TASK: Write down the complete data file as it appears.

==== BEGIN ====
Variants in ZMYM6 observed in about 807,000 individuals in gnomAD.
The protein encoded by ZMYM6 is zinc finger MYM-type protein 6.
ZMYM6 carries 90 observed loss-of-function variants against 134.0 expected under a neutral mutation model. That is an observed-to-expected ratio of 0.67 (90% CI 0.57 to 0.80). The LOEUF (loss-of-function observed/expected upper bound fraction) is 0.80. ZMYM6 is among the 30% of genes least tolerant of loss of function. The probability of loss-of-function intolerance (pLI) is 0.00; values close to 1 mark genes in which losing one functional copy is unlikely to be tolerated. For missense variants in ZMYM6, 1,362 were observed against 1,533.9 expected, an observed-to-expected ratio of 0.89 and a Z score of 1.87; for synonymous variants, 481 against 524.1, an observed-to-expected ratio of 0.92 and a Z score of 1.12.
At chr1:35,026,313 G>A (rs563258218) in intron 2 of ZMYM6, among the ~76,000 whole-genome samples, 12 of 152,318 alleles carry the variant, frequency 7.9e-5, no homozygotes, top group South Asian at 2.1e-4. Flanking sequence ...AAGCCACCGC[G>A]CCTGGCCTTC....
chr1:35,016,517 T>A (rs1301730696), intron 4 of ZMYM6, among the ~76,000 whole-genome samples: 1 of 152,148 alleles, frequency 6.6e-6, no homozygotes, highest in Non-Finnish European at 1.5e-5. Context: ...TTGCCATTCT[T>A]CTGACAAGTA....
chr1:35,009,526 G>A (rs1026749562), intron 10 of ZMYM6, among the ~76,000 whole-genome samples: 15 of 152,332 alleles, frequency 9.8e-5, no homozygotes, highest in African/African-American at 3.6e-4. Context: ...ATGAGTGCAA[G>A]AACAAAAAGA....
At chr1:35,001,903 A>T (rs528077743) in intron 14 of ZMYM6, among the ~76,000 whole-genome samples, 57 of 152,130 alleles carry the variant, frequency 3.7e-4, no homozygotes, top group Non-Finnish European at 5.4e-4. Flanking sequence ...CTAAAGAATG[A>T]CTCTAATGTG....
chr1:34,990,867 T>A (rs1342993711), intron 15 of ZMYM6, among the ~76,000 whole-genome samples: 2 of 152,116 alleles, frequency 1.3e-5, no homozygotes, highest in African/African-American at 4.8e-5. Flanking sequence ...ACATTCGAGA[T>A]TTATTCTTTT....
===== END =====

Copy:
Variants in ZMYM6 observed in about 807,000 individuals in gnomAD.
The protein encoded by ZMYM6 is zinc finger MYM-type protein 6.
ZMYM6 carries 90 observed loss-of-function variants against 134.0 expected under a neutral mutation model. That is an observed-to-expected ratio of 0.67 (90% CI 0.57 to 0.80). The LOEUF (loss-of-function observed/expected upper bound fraction) is 0.80. ZMYM6 is among the 30% of genes least tolerant of loss of function. The probability of loss-of-function intolerance (pLI) is 0.00; values close to 1 mark genes in which losing one functional copy is unlikely to be tolerated. For missense variants in ZMYM6, 1,362 were observed against 1,533.9 expected, an observed-to-expected ratio of 0.89 and a Z score of 1.87; for synonymous variants, 481 against 524.1, an observed-to-expected ratio of 0.92 and a Z score of 1.12.
At chr1:35,026,313 G>A (rs563258218) in intron 2 of ZMYM6, among the ~76,000 whole-genome samples, 12 of 152,318 alleles carry the variant, frequency 7.9e-5, no homozygotes, top group South Asian at 2.1e-4. Flanking sequence ...AAGCCACCGC[G>A]CCTGGCCTTC....
chr1:35,016,517 T>A (rs1301730696), intron 4 of ZMYM6, among the ~76,000 whole-genome samples: 1 of 152,148 alleles, frequency 6.6e-6, no homozygotes, highest in Non-Finnish European at 1.5e-5. Context: ...TTGCCATTCT[T>A]CTGACAAGTA....
chr1:35,009,526 G>A (rs1026749562), intron 10 of ZMYM6, among the ~76,000 whole-genome samples: 15 of 152,332 alleles, frequency 9.8e-5, no homozygotes, highest in African/African-American at 3.6e-4. Context: ...ATGAGTGCAA[G>A]AACAAAAAGA....
At chr1:35,001,903 A>T (rs528077743) in intron 14 of ZMYM6, among the ~76,000 whole-genome samples, 57 of 152,130 alleles carry the variant, frequency 3.7e-4, no homozygotes, top group Non-Finnish European at 5.4e-4. Flanking sequence ...CTAAAGAATG[A>T]CTCTAATGTG....
chr1:34,990,867 T>A (rs1342993711), intron 15 of ZMYM6, among the ~76,000 whole-genome samples: 2 of 152,116 alleles, frequency 1.3e-5, no homozygotes, highest in African/African-American at 4.8e-5. Flanking sequence ...ACATTCGAGA[T>A]TTATTCTTTT....